Technical Paper

Application of Fatigue Life Prediction Methods for GMAW Joints in Vehicle Structures and Frames

2011-04-12
2011-01-0192
In the North American automotive industry, various advanced high strength steels (AHSS) are used to lighten vehicle structures, improve safety performance and fuel economy, and reduce harmful emissions. Relatively thick gages of AHSS are commonly joined to conventional high strength steels and/or mild steels using Gas Metal Arc Welding (GMAW) in the current generation body-in-white structures. Additionally, fatigue failures are most likely to occur at joints subjected to a variety of different loadings. It is therefore critical that automotive engineers need to understand the fatigue characteristics of welded joints. The Sheet Steel Fatigue Committee of the Auto/Steel Partnership (A/S-P) completed a comprehensive fatigue study on GMAW joints of both AHSS and conventional sheet steels including: DP590 GA, SAE 1008, HSLA HR 420, DP 600 HR, Boron, DQSK, TRIP 780 GI, and DP780 GI steels.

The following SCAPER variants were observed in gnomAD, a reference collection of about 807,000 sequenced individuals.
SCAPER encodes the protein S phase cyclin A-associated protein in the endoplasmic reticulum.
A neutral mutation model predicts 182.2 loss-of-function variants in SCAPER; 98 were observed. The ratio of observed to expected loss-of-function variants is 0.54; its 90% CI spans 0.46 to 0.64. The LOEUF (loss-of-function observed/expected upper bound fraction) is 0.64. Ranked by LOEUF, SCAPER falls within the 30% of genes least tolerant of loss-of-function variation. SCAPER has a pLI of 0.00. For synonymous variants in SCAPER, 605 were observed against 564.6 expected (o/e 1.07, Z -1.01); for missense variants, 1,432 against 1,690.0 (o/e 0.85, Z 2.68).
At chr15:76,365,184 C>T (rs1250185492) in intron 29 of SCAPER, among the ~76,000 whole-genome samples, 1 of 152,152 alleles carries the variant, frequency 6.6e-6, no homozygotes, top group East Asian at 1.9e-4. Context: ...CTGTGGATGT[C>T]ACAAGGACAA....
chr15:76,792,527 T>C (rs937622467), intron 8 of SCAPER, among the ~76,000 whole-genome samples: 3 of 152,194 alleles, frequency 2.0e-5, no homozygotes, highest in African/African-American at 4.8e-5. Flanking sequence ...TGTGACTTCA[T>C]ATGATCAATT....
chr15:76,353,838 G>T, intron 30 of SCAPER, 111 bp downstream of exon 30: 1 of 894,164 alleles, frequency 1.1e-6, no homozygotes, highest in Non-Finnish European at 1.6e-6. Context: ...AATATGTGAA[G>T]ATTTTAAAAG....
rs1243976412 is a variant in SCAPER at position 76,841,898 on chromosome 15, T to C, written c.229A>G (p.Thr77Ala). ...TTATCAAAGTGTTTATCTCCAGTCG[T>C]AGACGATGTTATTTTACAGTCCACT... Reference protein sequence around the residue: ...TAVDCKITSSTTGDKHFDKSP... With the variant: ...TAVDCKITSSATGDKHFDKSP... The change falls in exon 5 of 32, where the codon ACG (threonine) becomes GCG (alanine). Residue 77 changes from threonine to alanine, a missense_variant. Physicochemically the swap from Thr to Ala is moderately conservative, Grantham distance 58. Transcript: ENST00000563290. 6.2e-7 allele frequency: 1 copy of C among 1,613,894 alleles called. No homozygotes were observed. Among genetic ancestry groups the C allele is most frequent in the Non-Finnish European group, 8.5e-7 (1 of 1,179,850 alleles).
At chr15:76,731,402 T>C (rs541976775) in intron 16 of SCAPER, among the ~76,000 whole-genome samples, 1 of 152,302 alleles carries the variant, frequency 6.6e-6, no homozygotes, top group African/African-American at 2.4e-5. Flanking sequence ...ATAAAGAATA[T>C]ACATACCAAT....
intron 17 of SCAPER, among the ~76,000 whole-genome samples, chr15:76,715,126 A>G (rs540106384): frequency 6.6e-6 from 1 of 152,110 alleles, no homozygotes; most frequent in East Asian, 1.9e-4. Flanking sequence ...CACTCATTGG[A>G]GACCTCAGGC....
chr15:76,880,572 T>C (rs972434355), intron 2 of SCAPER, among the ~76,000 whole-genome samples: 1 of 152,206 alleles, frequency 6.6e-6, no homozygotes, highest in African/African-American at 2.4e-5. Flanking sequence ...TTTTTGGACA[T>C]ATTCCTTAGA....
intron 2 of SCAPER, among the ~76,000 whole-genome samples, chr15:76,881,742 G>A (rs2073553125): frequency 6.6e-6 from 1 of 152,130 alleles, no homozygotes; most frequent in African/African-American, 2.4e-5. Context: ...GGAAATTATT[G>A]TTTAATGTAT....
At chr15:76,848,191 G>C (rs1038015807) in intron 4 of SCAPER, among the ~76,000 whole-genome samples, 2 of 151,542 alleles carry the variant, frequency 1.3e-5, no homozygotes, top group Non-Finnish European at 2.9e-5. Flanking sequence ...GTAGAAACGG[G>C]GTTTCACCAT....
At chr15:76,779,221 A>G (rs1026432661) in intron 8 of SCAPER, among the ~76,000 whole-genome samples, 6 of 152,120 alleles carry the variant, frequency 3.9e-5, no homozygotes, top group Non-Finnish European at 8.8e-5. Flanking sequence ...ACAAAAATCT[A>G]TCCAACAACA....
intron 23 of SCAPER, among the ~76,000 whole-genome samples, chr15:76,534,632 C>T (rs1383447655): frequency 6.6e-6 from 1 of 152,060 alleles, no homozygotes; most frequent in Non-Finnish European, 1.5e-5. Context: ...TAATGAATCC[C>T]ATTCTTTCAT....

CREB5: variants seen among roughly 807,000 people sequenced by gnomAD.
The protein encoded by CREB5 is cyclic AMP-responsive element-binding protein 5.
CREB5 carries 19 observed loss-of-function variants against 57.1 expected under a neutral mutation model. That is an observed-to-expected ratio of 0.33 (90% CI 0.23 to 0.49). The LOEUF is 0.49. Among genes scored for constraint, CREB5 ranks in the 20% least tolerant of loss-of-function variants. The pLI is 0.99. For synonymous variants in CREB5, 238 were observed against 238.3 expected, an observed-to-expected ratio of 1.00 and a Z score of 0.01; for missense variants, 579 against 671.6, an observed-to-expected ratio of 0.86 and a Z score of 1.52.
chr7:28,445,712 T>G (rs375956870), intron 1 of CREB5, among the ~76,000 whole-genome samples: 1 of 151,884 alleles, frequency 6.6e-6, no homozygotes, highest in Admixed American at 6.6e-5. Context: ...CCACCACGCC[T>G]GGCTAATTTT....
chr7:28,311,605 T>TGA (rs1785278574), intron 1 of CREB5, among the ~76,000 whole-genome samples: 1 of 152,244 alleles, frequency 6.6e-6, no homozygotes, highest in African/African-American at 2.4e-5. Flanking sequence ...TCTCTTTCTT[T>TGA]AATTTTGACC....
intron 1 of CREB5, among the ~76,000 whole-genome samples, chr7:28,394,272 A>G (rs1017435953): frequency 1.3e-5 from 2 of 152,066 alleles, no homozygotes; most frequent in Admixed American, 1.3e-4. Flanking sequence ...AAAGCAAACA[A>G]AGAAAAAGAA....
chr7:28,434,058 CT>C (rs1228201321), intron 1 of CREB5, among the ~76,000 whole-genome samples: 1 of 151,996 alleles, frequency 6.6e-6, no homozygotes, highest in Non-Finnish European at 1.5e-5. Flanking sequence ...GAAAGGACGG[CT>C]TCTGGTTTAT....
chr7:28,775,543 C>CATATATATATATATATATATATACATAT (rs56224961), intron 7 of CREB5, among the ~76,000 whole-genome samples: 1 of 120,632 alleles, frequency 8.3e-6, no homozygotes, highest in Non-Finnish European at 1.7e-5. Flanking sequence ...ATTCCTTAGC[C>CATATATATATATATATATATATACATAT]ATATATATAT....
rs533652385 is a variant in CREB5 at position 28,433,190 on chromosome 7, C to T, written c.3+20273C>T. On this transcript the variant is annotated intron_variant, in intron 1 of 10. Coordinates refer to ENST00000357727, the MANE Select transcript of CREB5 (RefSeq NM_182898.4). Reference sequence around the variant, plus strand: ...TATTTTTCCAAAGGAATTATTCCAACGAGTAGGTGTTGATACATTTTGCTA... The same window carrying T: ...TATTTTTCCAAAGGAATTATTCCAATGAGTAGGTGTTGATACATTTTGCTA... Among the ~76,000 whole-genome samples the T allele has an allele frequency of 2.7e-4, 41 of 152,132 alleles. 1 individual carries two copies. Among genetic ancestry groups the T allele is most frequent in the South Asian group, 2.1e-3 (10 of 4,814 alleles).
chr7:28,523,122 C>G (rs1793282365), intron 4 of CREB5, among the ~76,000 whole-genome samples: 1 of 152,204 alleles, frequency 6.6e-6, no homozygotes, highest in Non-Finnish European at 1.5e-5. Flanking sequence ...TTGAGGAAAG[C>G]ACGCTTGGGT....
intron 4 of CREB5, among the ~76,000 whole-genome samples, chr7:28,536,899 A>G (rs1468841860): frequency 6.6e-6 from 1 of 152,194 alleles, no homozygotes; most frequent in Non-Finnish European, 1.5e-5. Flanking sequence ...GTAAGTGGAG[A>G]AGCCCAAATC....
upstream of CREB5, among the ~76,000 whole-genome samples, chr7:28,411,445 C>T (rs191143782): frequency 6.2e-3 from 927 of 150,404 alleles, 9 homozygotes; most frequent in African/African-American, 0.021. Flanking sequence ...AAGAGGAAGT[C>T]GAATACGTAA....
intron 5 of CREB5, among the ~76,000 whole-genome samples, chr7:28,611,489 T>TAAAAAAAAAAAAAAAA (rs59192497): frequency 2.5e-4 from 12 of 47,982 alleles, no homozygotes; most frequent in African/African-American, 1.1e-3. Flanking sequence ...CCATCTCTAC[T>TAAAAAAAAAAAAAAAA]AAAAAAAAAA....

Journal Article

The Effect of Welding Dimensional Variability on the Fatigue Life of Gas Metal Arc Welded Joints

2011-04-12
2011-01-0196
Gas Metal Arc Welding (GMAW) is widely employed for joining relatively thick sheet steels in automotive body-in-white structures and frames. The GMAW process is very flexible for various joint geometries and has relatively high welding speed. However, fatigue failures can occur at welded joints subjected to various types of loads. Thus, vehicle design engineers need to understand the fatigue characteristics of welded joints produced by GMAW. Currently, automotive structures employ various advanced high strength steels (AHSS) such as dual-phase (DP) and transformation-induced plasticity (TRIP) steels to produce lighter vehicle structures with improved safety performance and fuel economy, and reduced harmful emissions. Relatively thick gages of AHSS are commonly joined to conventional high strength steels and/or mild steels using GMAW in current body-in-white structures and frames.